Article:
District celebrated 100 years this summer
By Patricia Buschette
Formal education for students of the city of Renville began simply. However, its journey to a school that encompasses three communities and outlying townships was long and circuitous. District 33 was organized in 1872. During the first seven years there was no official school building, and students met in the homes of settlers.
In 1879 a small building was erected at a cost of $500, paid for by 10 percent bonds. Two years later, an addition was added to the west side of the original building. This school presently houses the Renville Museum.
By 1888 it became apparent that this building was too small, and a four-room wood building was erected. Mrs. George Mix was engaged as the first teacher at $25 a month for a three-term school.
On June 27, 1894 a tornado ripped through the community. After destroying several homes and the First Lutheran Church, then located at Highway 212 and Second Street, the funnel swept its way to the four-room schoolhouse. The building was lifted and then slammed into the basement. Voters had earlier agreed to build an addition to accommodate increased attendance. Insurance coverage provided $3,000 toward the cost of a larger and more modern $12,000 facility. By fall an eight-room building was completed.
Records were lost in the tornado but at the close of 1916, a total of 195 students had graduated from the high school. Volume I of Franklyn Curtiss-Wedge’s 1916 History of Renville County includes an elaborate list of subjects added, including sewing in 1908, manual training in 1909, cooking in 1910, and normal training and agriculture in 1911.
The school library was an important development. In 1910 a library association was organized in connection with the school library. A librarian loaned books to the general public twice a week. In 1912 the Association turned over management to the Board of Education, and it functioned as a public and school library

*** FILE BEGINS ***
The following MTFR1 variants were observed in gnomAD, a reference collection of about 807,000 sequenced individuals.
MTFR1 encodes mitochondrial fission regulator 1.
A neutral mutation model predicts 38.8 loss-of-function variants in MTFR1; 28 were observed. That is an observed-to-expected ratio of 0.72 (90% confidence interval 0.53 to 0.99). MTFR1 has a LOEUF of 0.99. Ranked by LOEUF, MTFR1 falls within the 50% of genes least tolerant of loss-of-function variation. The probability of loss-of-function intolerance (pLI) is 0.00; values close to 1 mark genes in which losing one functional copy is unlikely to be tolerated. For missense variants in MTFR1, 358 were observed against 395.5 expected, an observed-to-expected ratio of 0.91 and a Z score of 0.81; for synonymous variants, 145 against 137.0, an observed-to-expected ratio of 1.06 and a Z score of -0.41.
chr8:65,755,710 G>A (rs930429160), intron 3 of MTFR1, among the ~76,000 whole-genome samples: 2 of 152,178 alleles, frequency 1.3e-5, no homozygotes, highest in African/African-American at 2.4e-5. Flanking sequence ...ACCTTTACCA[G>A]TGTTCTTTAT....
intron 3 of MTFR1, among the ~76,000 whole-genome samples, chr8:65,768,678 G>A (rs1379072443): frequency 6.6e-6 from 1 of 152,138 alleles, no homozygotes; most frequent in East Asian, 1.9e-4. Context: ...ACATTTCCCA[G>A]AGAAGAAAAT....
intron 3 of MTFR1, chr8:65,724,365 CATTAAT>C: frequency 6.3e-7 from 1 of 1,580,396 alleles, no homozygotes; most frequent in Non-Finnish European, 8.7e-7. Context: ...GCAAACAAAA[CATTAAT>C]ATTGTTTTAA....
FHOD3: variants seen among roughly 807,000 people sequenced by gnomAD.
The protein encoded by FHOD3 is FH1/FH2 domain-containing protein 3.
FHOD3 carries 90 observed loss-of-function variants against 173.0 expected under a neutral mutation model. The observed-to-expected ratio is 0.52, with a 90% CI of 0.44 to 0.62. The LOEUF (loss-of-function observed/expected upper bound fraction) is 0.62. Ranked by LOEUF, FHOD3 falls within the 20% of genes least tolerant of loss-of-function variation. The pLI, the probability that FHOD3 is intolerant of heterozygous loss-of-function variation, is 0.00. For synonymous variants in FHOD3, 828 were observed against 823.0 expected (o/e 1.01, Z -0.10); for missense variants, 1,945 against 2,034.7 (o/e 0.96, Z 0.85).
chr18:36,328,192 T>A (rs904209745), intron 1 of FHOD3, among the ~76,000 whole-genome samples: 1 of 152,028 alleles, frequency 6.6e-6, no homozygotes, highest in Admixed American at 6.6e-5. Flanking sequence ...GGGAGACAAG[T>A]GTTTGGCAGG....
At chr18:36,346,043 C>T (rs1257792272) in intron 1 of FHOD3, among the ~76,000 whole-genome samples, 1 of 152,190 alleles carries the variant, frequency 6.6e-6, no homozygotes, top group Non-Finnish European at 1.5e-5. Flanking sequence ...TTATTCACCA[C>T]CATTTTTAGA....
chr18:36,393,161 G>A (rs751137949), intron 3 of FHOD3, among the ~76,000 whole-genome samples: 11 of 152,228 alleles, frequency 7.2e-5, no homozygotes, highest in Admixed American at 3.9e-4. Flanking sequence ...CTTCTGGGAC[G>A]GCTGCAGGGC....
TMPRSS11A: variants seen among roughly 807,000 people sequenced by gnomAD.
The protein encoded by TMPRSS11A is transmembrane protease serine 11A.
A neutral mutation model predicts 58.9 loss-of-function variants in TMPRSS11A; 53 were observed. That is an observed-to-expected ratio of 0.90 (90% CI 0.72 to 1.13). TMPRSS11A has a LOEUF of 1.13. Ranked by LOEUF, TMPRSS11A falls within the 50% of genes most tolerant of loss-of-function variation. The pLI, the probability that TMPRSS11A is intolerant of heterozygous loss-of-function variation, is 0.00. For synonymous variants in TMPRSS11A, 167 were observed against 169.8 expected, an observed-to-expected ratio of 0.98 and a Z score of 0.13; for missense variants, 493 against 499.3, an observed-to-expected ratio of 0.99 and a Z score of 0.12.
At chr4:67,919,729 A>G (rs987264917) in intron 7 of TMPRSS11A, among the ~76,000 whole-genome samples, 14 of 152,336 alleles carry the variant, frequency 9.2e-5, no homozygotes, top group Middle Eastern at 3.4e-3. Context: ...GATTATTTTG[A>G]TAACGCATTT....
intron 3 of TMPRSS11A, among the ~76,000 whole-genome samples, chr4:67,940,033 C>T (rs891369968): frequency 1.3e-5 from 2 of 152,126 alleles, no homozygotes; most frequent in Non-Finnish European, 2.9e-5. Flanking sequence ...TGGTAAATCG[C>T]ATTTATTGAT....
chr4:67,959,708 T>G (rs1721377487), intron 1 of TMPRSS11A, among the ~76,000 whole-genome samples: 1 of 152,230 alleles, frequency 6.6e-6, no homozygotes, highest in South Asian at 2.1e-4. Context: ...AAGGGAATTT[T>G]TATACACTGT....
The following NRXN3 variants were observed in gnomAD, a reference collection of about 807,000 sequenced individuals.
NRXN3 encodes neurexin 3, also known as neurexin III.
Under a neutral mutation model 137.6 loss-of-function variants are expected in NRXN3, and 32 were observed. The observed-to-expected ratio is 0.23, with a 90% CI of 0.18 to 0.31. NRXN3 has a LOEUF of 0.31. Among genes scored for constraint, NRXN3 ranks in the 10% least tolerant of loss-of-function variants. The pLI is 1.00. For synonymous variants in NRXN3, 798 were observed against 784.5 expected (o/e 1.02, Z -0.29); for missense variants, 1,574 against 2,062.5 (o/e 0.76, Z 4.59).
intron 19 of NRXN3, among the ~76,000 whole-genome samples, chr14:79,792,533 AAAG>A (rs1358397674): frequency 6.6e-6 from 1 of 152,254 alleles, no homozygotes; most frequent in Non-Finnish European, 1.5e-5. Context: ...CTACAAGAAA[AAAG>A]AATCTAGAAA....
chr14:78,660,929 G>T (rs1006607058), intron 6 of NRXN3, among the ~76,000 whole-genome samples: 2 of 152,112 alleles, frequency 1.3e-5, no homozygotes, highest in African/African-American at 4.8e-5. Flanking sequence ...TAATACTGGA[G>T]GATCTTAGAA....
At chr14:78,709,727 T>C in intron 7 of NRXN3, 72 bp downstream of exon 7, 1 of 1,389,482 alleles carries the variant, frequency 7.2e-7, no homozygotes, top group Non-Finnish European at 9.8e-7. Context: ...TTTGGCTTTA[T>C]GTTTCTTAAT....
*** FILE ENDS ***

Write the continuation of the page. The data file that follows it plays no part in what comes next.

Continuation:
However, two unforeseen and equally challenging events were to take place that would affect the course of education in Renville. The first is the organization of schools under Chapter 239, Minnesota laws of 1915. The second, a fire that destroyed the school.
During the Christmas season of 1919, the weather was extremely cold. On Dec. 15, the local druggist, H.H. Molitor, was walking home from the drugstore. He noticed a flickering light in the basement of the nearby school, ran home and turned in the alarm. The fire had started in the vicinity of the stove in the agriculture department. According to the editor of the Star-Farmer, “The fire bell pealed forth its ominous sound, startling those who heard it from their warm bed, and out to learn the cause of the alarm.” Adrian Bottge, the community’s preeminent historian reported a “rampant, fiery tempest.” He remembered the view from the family’s bathroom window as a “tower of flame shot up 100 feet or more when the roof fell in.” A frozen hydrant delayed the response, and by the time the hydrant had thawed and alternate hydrants connected, the building was gone.
Seven-year-old Elizabeth Hoffman (later Elizabeth Larkin) reportedly watched the flames and cried. She had just gotten a new tablet. It was in her desk at the school and it was now gone.
No school days were lost due to the timing of the fire during the Christmas holidays. On Jan. 5, 1920, classes resumed in a variety of churches and the commercial club.
Prior to the fire, an addition had been considered. There was a question as to whether the new school should accommodate the influx of students from country schools. The school board debated the possibilities, citizens expressed their opinions. Some thought that the addition of a cafeteria was “frivolous.” A gymnasium–auditorium was considered by others to be excessive.
The anxiety of consolidation reared its ugly head. Arguments on both sides of the issue were compelling and the community was torn apart by the controversy.